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Police and the Free Speech movement


I saw this in a Vietnam class I've been taking this semester at college (Lynchburg, which is also infamous in the south for its civil actions).

I was shocked by the police brutality, even though there weren't any violent actions until the police started beating on people.

Violence, as seen throughout the years, solves nothing and further riles people up. :(

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The only thing shocking about police brutality is that people are shocked by it. This country (the US) has a long history of it, stretching from present day instances like the murder of Oscar Grant by Johannes Mehserle in Oakland, CA all the back to the violent suppression of Shay's Rebellion (the latter incident was actually indirectly responsible for the convening of the Continental Congress to draw up the US Constitution).

Either way, it's pretty telling about your ethnicity that you were shocked. What I mean by that is the topic of police/government violence was touched upon by two of the African-American interviewees (Wahid Rashad and his wife) who said that they weren't surprised and in fact had very little emotional reaction to the Kent State killings because, unfortunately, as black people living during that time they were used to it.

Don't get me wrong, I'm not trying to call you an ignorant white guy (I am, in fact, white myself). But, the difference in reactions to police violence between whites and minorities has never ceased to amaze me. From the shock and horror over the actions of the police at the "Battle of Seattle" on the part of white people in 1999 to the dismay that went along with the fallout from the DNC and RNC protests in LA and Philadelphia, respectively, in 2000. On the one hand, white people go out to protest and are surprised when they get their heads cracked, and on the other hand are African-Americans and Latinos going 'Welcome to our world.'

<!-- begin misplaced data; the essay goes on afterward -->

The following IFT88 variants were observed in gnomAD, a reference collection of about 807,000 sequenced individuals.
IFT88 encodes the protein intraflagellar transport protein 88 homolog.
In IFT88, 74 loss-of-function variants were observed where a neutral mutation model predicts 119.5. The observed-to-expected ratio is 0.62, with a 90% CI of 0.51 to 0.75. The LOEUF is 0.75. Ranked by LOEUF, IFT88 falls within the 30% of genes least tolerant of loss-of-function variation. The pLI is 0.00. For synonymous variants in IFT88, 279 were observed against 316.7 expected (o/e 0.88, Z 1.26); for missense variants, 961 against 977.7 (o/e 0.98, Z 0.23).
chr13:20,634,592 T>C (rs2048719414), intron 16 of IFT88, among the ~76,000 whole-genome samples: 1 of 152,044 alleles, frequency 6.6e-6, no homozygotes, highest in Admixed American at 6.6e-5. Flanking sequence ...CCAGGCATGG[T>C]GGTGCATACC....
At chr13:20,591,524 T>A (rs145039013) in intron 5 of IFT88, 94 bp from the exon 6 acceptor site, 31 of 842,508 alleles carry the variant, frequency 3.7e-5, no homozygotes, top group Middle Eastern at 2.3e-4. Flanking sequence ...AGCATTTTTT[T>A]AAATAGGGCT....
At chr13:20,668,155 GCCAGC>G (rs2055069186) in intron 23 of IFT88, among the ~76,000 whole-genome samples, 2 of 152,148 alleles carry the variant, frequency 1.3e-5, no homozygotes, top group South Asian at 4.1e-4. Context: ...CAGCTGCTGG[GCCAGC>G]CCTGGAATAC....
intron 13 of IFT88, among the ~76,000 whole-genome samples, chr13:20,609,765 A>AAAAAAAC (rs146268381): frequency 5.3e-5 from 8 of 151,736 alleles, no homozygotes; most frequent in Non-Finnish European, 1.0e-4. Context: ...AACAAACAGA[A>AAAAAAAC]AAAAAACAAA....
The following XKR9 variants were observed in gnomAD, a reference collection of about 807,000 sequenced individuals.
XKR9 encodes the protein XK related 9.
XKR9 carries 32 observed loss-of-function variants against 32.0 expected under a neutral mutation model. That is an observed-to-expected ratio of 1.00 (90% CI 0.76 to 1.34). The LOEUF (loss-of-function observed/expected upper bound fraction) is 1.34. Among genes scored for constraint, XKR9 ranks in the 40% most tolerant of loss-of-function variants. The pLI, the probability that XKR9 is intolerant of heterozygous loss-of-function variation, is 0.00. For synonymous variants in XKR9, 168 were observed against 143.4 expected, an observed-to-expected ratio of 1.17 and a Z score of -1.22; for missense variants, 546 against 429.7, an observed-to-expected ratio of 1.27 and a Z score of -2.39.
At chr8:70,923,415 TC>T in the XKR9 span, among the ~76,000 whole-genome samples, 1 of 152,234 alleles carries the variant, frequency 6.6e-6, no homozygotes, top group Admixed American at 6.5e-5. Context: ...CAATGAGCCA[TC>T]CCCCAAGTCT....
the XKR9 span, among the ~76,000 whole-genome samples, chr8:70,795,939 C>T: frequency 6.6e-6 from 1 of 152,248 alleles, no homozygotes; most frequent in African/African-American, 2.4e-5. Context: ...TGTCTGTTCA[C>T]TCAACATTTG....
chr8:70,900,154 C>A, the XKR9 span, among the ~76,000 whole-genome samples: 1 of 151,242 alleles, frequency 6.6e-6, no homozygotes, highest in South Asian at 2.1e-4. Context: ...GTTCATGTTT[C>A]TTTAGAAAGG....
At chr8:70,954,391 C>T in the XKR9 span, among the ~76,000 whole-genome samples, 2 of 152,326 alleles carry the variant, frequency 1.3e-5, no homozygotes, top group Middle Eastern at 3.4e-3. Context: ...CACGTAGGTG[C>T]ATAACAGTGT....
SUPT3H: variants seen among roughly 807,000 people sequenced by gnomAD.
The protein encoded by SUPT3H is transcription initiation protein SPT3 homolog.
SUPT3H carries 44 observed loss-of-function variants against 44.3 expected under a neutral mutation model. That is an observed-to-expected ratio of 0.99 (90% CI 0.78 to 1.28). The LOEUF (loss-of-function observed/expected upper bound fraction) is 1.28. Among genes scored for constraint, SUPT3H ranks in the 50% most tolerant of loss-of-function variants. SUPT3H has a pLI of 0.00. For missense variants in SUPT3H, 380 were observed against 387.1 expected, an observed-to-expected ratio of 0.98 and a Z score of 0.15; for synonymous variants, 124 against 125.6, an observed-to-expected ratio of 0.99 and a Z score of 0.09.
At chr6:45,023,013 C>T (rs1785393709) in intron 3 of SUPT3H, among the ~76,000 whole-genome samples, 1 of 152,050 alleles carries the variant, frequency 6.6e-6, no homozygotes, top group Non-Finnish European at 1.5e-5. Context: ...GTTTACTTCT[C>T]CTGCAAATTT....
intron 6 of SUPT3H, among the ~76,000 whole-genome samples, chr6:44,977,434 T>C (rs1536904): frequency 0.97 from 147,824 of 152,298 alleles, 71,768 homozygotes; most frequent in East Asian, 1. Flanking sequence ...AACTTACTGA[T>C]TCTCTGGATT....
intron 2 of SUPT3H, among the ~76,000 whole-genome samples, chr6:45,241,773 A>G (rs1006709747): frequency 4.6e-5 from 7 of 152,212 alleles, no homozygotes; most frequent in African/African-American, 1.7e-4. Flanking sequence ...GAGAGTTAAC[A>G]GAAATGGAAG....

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There's a reason it's called The Police FORCE.

Seriously though, do a little research into the actual reason most cities saw the need to create large police departments and you'll find that they were implemented with those numbers in order to be deterrents and counter-opposition forces to the large numbers of union and striking workers that began to organize and protest for reforms and better pay. When those started to occur in the late 19th century, cities and local governments previously used Pinkerton agents and their like to "bust up" these annoying protesters. That proved to be too expensive, though, so the idea of a large, standing police force would do the job at a fraction of the cost. Basically, publicly-employed thugs were cheaper to hire and maintain on a government payroll than private thugs-for-hire.



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